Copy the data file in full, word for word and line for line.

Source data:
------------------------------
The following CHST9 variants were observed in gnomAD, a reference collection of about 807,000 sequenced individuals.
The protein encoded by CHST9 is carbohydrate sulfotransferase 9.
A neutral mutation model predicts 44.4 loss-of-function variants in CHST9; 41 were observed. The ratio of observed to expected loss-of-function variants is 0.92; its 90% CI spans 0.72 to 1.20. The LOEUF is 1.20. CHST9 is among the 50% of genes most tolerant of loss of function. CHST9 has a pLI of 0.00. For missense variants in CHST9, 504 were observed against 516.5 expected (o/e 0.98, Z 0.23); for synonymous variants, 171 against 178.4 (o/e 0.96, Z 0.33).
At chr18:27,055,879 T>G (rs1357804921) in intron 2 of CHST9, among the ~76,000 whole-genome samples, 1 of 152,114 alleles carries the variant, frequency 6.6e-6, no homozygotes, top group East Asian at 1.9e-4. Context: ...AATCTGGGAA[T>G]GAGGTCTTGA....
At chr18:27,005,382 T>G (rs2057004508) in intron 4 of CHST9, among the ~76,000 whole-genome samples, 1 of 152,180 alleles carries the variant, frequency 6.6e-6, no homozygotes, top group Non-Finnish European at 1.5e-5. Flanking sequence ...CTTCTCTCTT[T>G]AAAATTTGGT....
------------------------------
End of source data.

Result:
The following CHST9 variants were observed in gnomAD, a reference collection of about 807,000 sequenced individuals.
The protein encoded by CHST9 is carbohydrate sulfotransferase 9.
A neutral mutation model predicts 44.4 loss-of-function variants in CHST9; 41 were observed. The ratio of observed to expected loss-of-function variants is 0.92; its 90% CI spans 0.72 to 1.20. The LOEUF is 1.20. CHST9 is among the 50% of genes most tolerant of loss of function. CHST9 has a pLI of 0.00. For missense variants in CHST9, 504 were observed against 516.5 expected (o/e 0.98, Z 0.23); for synonymous variants, 171 against 178.4 (o/e 0.96, Z 0.33).
At chr18:27,055,879 T>G (rs1357804921) in intron 2 of CHST9, among the ~76,000 whole-genome samples, 1 of 152,114 alleles carries the variant, frequency 6.6e-6, no homozygotes, top group East Asian at 1.9e-4. Context: ...AATCTGGGAA[T>G]GAGGTCTTGA....
At chr18:27,005,382 T>G (rs2057004508) in intron 4 of CHST9, among the ~76,000 whole-genome samples, 1 of 152,180 alleles carries the variant, frequency 6.6e-6, no homozygotes, top group Non-Finnish European at 1.5e-5. Flanking sequence ...CTTCTCTCTT[T>G]AAAATTTGGT....